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Published: September 4th 2009
Abisco National Park
Sweden's largest National Park
Motorhome News from Europe 30.
Sweden August 2005
Abisko in Sweden and west to Norway’s beautiful Lofoten Islands
There is a chair lift in Sweden’s largest National Park at Abisko. Rising to about 3,000ft, the Linbana lift ferries skiers to the top in winter and walkers and tourists in the summer. We took the easy way up and hiked the five-hour trail across wild hill-bog rich with flowers, down to the dense birch forest and scrubby willow deep in the valley below. We went there for the walking and to see the birds of course; and we were not disappointed. Even as we ascended in the cable car a hawk owl flew across our path and perched on a tree below, and a pair of willow grouse with their young looked up as we passed. A golden eagle soared overhead on the descent and a rough legged buzzard screeched as it circled the trees close above us. Neither of us had seen a hawk owl in the wild before and, believe it or not, that’s exciting, a real buzz! The mountain was totally deserted; which is how we like it, allowing us exclusive viewing and hours of
Abisco National park
'It never rains here,' the lady told us! Note the red markers in the background - useful in the snow.
This area is said to be the driest in the whole of Sweden, sporting just 300mm of rainfall per year. The young lady lift attendant shrugged her shoulders when we pointed to the ominous black clouds over the hills to the north. ‘It’s been like that all morning. It never rains here,’ she told us with great confidence. A few minutes later, at the top of the mountain it rained, ‘Sod’s Law’ as they say, though it did clear up after a while and we shed our wet gear for the warm and sunny walk the rest of the way down. It rained again that night - all 300mm of it I think - a whole year’s supply! The 450km Kungsleden hiking trail begins - or ends here, depending on which way you plan to take it on. We hiked upwards for a while, but decided to leave the long trek to the youngsters, some of whom would surely be getting awfully damp camping out on the hills that night.
Abisko is renowned for its fishing. A Norwegian couple, parked next to us, were on their way home from a successful salmon fishing holiday and planned
...all 450km of it!
to fill up their caravan with ‘cheaper’ food at the border. They told us they also come here with friends in April each year for ice fishing. We had noticed the tiny aluminium cabins along the shore of the 70km long Lake Tornetrask, equipped with skis to allow them to be tugged on - and off the ice. I’m not sure I fancy that!
The railway comes through these remote parts thanks mainly to a British company that went bust in the process. Completed in 1903 with money from the government, the line now connects Narvik in Norway to Lulea in Sweden on the Gulf of Bothnia and serves to bring iron ore to the ice-free western ports. Our road back into Norway followed the railway towards Narvik and then to the islands of Vesteralen and Lofoten off the west coast. A short-eared owl followed us along the road across spectacular limestone wasteland dotted with smart tiny fishing huts and seemingly abandoned cars, their owners somewhere on the marshes picking cloud berries (a National pastime in July and August), or fishing (the other National pastime), on the lakes.
It is not always necessary to camp
There is nowhere in Europe to compare
on official sites anywhere in Scandinavia, and Sweden caters for this cost efficient traveller’s need rather well. The 24 hour picnic site near the Visitor Centre on the main route between Norway to Sweden was full, with half a dozen caravans and a similar number of motorhomes ‘overnighting’. We couldn’t believe the most superb public toilets this side of the North Pole - stainless steel accessories, soap and paper towels, automatic hand-dryers and hot water on tap! Three lads appeared with a van towing a caravan around six o’clock in the evening and cleaned and polished the whole shebang whilst we were there. There were toilets at all picnic places and even the remotest of beauty spots right across the region. We could learn a thing or two from that in the UK. Where do all our taxes go, by the way?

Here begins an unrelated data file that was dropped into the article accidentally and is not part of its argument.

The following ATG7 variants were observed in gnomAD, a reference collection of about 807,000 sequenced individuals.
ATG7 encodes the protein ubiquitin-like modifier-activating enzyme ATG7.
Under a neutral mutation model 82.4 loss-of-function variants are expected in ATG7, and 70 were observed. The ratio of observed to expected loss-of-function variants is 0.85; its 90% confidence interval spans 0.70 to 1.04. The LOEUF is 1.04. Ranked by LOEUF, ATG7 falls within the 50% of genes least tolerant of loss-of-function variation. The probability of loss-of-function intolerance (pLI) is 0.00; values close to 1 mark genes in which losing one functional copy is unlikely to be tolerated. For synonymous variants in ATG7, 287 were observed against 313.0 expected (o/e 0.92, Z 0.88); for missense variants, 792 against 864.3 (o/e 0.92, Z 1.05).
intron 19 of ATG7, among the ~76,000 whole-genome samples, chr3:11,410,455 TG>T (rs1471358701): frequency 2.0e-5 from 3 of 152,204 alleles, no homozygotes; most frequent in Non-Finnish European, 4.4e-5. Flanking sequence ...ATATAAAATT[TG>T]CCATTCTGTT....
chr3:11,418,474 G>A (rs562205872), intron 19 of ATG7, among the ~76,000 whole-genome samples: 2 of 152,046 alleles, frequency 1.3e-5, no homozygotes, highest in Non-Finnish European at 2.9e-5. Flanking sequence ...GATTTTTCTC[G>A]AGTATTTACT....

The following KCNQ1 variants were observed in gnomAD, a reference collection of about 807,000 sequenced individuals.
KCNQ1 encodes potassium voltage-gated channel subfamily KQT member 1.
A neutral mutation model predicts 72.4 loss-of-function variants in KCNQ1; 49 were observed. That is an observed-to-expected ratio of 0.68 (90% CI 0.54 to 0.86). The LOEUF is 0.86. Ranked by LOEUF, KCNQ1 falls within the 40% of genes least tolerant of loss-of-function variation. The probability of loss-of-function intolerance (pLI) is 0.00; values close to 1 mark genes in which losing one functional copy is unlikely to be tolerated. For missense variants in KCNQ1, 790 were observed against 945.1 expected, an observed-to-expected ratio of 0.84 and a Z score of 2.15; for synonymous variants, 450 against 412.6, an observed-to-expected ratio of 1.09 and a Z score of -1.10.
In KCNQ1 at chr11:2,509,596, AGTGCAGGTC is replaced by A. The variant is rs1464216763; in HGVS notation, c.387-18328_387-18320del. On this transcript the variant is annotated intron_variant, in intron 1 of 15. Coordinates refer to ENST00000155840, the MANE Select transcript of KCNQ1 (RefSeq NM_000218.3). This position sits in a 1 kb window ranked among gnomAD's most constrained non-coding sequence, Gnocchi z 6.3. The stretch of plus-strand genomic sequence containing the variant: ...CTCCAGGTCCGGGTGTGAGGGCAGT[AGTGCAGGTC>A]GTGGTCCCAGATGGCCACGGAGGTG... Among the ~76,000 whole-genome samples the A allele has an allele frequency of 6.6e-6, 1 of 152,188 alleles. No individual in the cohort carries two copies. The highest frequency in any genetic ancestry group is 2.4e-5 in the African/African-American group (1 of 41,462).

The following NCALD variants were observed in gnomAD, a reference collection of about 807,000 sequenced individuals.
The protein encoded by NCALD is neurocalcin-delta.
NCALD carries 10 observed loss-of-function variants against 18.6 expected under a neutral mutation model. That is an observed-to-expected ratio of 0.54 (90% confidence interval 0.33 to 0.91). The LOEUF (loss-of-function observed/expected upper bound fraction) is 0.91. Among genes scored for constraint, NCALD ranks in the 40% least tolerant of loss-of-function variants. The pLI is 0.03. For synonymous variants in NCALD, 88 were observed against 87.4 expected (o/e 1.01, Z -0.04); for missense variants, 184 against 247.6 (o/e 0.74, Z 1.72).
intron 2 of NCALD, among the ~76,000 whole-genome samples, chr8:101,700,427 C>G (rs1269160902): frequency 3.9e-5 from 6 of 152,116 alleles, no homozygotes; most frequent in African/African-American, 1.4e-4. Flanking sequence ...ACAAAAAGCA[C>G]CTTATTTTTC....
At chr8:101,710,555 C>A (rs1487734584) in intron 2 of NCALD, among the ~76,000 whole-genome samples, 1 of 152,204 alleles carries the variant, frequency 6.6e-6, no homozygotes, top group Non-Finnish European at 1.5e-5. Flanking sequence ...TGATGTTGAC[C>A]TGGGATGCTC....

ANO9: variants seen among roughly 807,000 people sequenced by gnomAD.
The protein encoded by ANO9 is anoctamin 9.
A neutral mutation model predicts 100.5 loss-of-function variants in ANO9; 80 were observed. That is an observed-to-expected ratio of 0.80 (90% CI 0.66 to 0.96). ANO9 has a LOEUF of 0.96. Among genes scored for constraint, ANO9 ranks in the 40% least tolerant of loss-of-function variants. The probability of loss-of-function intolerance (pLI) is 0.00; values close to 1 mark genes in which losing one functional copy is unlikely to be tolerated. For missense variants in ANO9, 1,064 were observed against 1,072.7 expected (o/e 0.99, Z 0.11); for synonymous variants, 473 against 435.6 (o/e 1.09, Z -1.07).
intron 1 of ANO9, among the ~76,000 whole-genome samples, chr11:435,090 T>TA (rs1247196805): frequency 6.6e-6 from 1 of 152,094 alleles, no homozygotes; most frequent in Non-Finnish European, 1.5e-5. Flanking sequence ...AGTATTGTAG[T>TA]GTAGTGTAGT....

Talking of toilets, as one does from time-to-time, I now only shave one side of my face. It’s the corner mirrors in our en suite bathroom, you know. If I stand in front of the mirrors and put the razor on the left hand side of my face looking into the left mirror, my right hand follows
on the other side in the right-hand mirror; which explains why the left side of my face gets shaved twice each day and I’m growing a beard on the right. It’s no wonder I keep getting funny looks. If you don’t believe me, try it. Smiley’s superb bathroom incidentally, was our key purchase feature. Whilst it’s only 4ft X 7ft, it has a compact WC, a good-sized hand-basin and a separate shower cubicle. As a consequence we rarely use site facilities other than occasional electricity.
Campsites vary a bit in terms of facilities and outlook, but we have certainly had some great ones in the past few days. One gave us views over the fjord with diving terns and a red fox hunting for voles in the rosebay willow-herb by the water; another was on a white sandy beach surrounded by mountains on three sides, and at yet another, where we watched an otter silently fishing for a herring breakfast in the fjord, swirling the still waters with sparkling bubbles and ripples of silver. ‘What view would you like tonight, darling?’
After all the hype in the books and brochures we were prepared to be disappointed
on the open road
by Vesteralen and Lofoten. Surely the whole Norwegian population would be there, crowding the roads and wearing out the footpaths. Not that it would matter a lot; we could go sightseeing in the middle of the night here - it still never gets dark. But no, the roads were as empty as all other roads in northern Norway, the beautiful sandy beaches were deserted, the ‘touristy’ things were certainly not busy and anyway; there is so much space for so few people. Our first port of call was on the island of Vesteralen, to the northern tip at Andenes. They do whale watching trips from here, but at £65 per person we’ll live with our wonderful memories of whales in Australia. There were museums for everything and anything that might take a shilling from the unsuspecting tourist, but to be honest, they were all a bit naff and many subjects are repeated in every other town. As a point of interest, Andenes is on the same latitude as the north tip of Alaska. The longest day here is 1,608 hours; from the 21st May to the 26th July!